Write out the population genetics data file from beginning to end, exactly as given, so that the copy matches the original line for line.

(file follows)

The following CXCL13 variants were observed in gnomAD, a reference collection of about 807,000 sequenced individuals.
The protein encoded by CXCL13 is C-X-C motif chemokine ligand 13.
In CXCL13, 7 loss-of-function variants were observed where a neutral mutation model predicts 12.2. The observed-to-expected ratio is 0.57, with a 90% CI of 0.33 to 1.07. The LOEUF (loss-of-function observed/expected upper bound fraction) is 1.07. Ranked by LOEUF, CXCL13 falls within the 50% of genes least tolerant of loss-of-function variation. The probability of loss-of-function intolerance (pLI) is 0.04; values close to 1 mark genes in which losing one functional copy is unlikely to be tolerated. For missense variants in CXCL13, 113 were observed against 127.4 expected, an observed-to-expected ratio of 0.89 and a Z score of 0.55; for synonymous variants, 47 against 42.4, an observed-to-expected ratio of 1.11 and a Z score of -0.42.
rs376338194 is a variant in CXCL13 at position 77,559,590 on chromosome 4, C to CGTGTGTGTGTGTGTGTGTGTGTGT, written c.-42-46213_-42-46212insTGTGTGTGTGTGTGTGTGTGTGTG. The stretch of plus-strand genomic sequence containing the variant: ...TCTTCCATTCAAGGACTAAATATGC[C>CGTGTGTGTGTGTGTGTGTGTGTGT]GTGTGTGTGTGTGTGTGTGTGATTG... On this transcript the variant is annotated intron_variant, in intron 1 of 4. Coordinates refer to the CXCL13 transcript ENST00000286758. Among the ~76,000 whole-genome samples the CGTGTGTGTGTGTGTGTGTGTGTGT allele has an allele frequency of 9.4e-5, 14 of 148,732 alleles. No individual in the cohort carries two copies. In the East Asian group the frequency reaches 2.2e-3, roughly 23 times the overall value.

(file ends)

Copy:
The following CXCL13 variants were observed in gnomAD, a reference collection of about 807,000 sequenced individuals.
The protein encoded by CXCL13 is C-X-C motif chemokine ligand 13.
In CXCL13, 7 loss-of-function variants were observed where a neutral mutation model predicts 12.2. The observed-to-expected ratio is 0.57, with a 90% CI of 0.33 to 1.07. The LOEUF (loss-of-function observed/expected upper bound fraction) is 1.07. Ranked by LOEUF, CXCL13 falls within the 50% of genes least tolerant of loss-of-function variation. The probability of loss-of-function intolerance (pLI) is 0.04; values close to 1 mark genes in which losing one functional copy is unlikely to be tolerated. For missense variants in CXCL13, 113 were observed against 127.4 expected, an observed-to-expected ratio of 0.89 and a Z score of 0.55; for synonymous variants, 47 against 42.4, an observed-to-expected ratio of 1.11 and a Z score of -0.42.
rs376338194 is a variant in CXCL13 at position 77,559,590 on chromosome 4, C to CGTGTGTGTGTGTGTGTGTGTGTGT, written c.-42-46213_-42-46212insTGTGTGTGTGTGTGTGTGTGTGTG. The stretch of plus-strand genomic sequence containing the variant: ...TCTTCCATTCAAGGACTAAATATGC[C>CGTGTGTGTGTGTGTGTGTGTGTGT]GTGTGTGTGTGTGTGTGTGTGATTG... On this transcript the variant is annotated intron_variant, in intron 1 of 4. Coordinates refer to the CXCL13 transcript ENST00000286758. Among the ~76,000 whole-genome samples the CGTGTGTGTGTGTGTGTGTGTGTGT allele has an allele frequency of 9.4e-5, 14 of 148,732 alleles. No individual in the cohort carries two copies. In the East Asian group the frequency reaches 2.2e-3, roughly 23 times the overall value.